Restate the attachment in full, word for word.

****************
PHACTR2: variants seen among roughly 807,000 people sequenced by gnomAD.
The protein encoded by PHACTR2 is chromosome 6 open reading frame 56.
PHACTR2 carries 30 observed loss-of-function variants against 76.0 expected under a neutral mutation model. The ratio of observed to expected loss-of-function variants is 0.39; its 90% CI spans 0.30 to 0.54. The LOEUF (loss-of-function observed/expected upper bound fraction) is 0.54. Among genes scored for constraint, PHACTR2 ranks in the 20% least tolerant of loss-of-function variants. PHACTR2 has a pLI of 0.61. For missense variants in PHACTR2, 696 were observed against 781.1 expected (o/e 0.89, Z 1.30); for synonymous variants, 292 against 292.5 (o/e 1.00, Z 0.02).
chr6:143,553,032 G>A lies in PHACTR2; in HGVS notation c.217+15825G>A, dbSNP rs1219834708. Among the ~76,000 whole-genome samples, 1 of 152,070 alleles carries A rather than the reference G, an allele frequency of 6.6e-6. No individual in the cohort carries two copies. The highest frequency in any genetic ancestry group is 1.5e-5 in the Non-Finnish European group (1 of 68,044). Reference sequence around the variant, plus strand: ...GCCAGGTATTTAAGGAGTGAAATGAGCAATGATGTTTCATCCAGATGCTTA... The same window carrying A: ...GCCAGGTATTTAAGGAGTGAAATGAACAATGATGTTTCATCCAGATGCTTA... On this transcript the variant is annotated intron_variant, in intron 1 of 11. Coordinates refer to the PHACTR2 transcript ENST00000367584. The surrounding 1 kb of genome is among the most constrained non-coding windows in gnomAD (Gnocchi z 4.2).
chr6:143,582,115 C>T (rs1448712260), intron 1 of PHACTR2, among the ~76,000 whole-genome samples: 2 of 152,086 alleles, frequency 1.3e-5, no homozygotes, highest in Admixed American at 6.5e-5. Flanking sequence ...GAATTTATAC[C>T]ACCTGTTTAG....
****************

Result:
PHACTR2: variants seen among roughly 807,000 people sequenced by gnomAD.
The protein encoded by PHACTR2 is chromosome 6 open reading frame 56.
PHACTR2 carries 30 observed loss-of-function variants against 76.0 expected under a neutral mutation model. The ratio of observed to expected loss-of-function variants is 0.39; its 90% CI spans 0.30 to 0.54. The LOEUF (loss-of-function observed/expected upper bound fraction) is 0.54. Among genes scored for constraint, PHACTR2 ranks in the 20% least tolerant of loss-of-function variants. PHACTR2 has a pLI of 0.61. For missense variants in PHACTR2, 696 were observed against 781.1 expected (o/e 0.89, Z 1.30); for synonymous variants, 292 against 292.5 (o/e 1.00, Z 0.02).
chr6:143,553,032 G>A lies in PHACTR2; in HGVS notation c.217+15825G>A, dbSNP rs1219834708. Among the ~76,000 whole-genome samples, 1 of 152,070 alleles carries A rather than the reference G, an allele frequency of 6.6e-6. No individual in the cohort carries two copies. The highest frequency in any genetic ancestry group is 1.5e-5 in the Non-Finnish European group (1 of 68,044). Reference sequence around the variant, plus strand: ...GCCAGGTATTTAAGGAGTGAAATGAGCAATGATGTTTCATCCAGATGCTTA... The same window carrying A: ...GCCAGGTATTTAAGGAGTGAAATGAACAATGATGTTTCATCCAGATGCTTA... On this transcript the variant is annotated intron_variant, in intron 1 of 11. Coordinates refer to the PHACTR2 transcript ENST00000367584. The surrounding 1 kb of genome is among the most constrained non-coding windows in gnomAD (Gnocchi z 4.2).
chr6:143,582,115 C>T (rs1448712260), intron 1 of PHACTR2, among the ~76,000 whole-genome samples: 2 of 152,086 alleles, frequency 1.3e-5, no homozygotes, highest in Admixed American at 6.5e-5. Flanking sequence ...GAATTTATAC[C>T]ACCTGTTTAG....